Winston-Salem: The Journal tells the story of proposed legislation that will likely – my opinion and others – hurt five state universities by requiring them to lower tuition. The bill’s sponsor says it is intended to make tuition affordable — at four historically black institutions — which it would do. But there is no guarantee that the money that runs the schools would be replaced after the first year. And given this legislature’s four-year attack on public education, it’s hard to believe this is a good bill.

Make way for the new journalists

Margaret Sullivan wrote her first column for the Washington Post the other day, and I agree with it. Take a moment to read it. She encourages college students to go into journalism because it’s fun and important, and they need to save it.

“I’m especially drawn to the need for journalism that is transparent, honest, aggressive and deep, using all the new tools and with a great sense of openness on how to present the work to an ever-more-digital audience.

“As for the question of just how imprudent you need to be to get into this radically transformed business, I’ll say this much: Given the challenges, what’s needed most are journalists — of every age — who are willing to help figure out the future with passion, smarts and integrity.”

Yet, among the obstacles in their path are owners, publishers and editors who persist on milking everything they can out of the old models without investing any of it toward figuring out the future.

Is your daily newspaper better today than it was five or 10 years ago? Is it spending any money developing new ways to serve customers in ways the customers want or need? Or are the managers holding on to the idea that people will come back or that paywalls are the answer?

If the purpose of journalism is “to provide citizens with the information they need to make the best possible decisions about their lives, their communities, their societies, and their governments,” then many newspapers – and their bosses – are failing.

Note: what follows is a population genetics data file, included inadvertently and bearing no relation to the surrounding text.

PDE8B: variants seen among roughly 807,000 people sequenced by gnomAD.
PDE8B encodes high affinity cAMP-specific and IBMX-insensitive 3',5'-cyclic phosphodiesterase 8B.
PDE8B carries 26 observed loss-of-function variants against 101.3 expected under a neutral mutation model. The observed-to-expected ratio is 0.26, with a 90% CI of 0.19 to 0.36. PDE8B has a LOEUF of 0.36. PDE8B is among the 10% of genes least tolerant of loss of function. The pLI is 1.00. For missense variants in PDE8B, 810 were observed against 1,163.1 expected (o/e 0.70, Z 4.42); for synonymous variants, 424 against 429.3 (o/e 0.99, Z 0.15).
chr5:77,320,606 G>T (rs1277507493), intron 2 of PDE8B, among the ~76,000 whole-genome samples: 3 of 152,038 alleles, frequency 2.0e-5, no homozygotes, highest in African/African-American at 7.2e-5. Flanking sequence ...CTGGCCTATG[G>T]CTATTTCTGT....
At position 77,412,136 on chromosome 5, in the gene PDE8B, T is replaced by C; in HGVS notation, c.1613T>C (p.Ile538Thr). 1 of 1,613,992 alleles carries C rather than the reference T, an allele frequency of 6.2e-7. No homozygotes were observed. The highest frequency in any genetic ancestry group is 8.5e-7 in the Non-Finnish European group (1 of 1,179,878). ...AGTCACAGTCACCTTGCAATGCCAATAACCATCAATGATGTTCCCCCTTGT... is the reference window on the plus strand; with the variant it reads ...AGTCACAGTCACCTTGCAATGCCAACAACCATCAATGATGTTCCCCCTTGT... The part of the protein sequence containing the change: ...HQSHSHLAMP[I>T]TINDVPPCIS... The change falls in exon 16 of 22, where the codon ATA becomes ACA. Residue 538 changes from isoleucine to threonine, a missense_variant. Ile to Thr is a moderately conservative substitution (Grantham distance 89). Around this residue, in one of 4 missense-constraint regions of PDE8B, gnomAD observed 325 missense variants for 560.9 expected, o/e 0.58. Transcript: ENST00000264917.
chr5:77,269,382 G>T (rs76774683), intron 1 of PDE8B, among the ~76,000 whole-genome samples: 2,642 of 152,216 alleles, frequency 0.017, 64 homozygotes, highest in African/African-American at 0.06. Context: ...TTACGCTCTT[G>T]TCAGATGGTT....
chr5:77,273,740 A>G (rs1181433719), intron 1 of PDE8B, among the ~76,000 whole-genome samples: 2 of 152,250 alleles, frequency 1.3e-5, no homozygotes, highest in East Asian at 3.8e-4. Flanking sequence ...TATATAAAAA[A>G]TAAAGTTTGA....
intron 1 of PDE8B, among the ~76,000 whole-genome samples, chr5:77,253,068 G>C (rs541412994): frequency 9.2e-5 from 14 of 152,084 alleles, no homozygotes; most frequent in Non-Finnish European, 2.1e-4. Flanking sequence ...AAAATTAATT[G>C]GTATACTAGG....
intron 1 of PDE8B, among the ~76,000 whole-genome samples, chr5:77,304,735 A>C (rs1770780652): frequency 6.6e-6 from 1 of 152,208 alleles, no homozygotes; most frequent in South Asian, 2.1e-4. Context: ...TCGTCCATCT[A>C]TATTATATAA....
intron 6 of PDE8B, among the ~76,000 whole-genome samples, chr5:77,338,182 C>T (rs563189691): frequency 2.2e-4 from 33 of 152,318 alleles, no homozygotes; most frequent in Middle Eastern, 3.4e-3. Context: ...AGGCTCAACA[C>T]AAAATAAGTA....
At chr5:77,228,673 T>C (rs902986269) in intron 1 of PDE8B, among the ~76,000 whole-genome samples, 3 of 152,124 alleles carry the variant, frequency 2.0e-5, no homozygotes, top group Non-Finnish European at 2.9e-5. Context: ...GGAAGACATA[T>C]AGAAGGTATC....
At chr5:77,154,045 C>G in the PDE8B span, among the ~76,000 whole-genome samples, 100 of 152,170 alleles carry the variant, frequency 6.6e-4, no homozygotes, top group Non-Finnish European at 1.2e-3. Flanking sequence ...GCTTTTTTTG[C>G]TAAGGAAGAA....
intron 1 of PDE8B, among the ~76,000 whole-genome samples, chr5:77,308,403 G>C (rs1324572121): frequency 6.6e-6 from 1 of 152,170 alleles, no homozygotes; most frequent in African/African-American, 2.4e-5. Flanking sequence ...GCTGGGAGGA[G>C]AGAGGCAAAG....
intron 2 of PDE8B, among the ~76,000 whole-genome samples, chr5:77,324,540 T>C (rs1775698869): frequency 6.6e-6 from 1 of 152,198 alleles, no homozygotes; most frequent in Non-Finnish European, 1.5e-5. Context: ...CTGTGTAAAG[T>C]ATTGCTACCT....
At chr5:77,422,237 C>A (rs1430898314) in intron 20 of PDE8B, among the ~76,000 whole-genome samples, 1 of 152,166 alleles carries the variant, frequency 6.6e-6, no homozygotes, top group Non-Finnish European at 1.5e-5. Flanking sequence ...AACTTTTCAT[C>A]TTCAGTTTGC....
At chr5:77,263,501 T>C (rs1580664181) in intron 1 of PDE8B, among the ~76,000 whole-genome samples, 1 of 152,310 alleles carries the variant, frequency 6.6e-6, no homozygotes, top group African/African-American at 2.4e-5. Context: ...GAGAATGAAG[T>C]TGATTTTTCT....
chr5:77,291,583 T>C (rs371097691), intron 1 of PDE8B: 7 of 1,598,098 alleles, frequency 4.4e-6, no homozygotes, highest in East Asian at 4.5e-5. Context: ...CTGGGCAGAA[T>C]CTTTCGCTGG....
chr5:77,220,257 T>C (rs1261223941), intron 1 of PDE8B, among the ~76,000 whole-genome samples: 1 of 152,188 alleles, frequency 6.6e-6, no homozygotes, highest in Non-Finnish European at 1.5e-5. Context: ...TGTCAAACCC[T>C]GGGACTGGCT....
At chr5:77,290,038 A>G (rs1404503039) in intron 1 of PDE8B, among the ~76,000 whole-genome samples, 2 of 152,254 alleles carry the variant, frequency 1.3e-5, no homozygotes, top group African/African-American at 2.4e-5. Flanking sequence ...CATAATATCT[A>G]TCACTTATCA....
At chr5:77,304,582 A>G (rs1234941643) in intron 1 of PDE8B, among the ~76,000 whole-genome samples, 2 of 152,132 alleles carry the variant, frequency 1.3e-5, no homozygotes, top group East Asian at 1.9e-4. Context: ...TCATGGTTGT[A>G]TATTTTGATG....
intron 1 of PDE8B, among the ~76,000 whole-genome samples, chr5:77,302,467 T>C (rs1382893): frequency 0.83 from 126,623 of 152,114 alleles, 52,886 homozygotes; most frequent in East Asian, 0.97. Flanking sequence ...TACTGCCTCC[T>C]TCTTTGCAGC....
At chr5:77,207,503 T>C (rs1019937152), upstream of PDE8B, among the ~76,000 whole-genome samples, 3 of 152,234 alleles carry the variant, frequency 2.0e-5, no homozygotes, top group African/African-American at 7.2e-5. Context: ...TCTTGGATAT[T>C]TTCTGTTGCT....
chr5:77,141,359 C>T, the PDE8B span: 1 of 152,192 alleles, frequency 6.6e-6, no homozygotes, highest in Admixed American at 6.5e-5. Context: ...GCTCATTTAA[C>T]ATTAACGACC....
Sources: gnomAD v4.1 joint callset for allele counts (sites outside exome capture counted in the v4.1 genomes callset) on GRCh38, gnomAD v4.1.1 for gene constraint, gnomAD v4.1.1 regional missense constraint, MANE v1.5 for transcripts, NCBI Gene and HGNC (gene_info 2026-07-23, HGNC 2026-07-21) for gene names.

Today, Poynter published what it suggests is a blueprint for reinventing legacy newsrooms. It’s a good list based on actions taken by a few innovative newspapers. The items on the list aren’t new, however. Most have been around for years in one form or another. I’m glad it’s out there, and I hope that newspaper leaders will embrace the learning others are doing.

What keeps newspapers from making more progress? People have too much to do with too many competing priorities, of course. But too often people within the organizations don’t want to change, even now after a decade of declining readership and revenue. You’ll note in the Poynter story, editors talk about journalists being uncomfortable with change and of “letting go” of old routines. And these are at cool places that are creating the future. Imagine what’s happening where essentially no effort is being made to do anything more than produce a newspaper delivered to people’s driveways.

Want to help invent journalism for tomorrow? Hire the smart, passionate journalists with integrity to take the places of those who are comfortable with today.